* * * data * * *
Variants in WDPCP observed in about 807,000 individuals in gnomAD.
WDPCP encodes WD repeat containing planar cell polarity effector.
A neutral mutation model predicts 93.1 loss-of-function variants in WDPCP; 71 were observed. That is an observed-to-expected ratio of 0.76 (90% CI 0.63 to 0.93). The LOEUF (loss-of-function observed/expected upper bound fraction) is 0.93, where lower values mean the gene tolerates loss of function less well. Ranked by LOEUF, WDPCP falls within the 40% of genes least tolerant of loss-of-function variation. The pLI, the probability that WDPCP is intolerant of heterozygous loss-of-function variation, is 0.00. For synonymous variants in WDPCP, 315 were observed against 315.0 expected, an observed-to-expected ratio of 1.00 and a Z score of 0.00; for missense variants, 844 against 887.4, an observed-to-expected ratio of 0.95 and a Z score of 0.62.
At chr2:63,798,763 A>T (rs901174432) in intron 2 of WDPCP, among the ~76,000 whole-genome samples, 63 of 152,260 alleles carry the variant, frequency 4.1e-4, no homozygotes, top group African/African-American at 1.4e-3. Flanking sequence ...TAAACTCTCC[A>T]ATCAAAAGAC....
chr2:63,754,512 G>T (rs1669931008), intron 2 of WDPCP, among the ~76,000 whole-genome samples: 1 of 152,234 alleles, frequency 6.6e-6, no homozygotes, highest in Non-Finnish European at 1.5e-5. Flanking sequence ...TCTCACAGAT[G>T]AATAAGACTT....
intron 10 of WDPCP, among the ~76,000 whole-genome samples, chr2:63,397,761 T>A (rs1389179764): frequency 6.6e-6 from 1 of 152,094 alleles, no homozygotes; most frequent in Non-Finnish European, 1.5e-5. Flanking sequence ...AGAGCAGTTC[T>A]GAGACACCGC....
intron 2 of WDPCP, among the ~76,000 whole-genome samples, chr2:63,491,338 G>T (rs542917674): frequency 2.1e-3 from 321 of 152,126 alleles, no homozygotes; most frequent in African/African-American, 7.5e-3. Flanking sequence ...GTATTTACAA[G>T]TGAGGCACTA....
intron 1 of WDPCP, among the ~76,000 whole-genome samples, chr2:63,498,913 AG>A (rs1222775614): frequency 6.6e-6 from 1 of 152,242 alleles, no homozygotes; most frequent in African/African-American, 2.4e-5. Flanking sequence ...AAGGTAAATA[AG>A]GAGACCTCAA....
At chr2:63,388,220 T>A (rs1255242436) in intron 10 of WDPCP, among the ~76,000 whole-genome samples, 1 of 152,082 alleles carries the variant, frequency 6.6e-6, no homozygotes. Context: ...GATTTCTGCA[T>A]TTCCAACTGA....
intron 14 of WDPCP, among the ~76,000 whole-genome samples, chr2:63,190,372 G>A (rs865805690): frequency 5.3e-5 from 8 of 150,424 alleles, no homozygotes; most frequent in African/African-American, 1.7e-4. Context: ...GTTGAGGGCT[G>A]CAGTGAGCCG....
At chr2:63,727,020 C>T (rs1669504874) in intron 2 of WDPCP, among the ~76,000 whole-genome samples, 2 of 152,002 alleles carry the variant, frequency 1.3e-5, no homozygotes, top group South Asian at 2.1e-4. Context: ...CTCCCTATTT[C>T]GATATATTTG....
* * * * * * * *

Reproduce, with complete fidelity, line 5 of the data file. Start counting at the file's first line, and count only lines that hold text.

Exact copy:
chr2:63,754,512 G>T (rs1669931008), intron 2 of WDPCP, among the ~76,000 whole-genome samples: 1 of 152,234 alleles, frequency 6.6e-6, no homozygotes, highest in Non-Finnish European at 1.5e-5. Flanking sequence ...TCTCACAGAT[G>T]AATAAGACTT....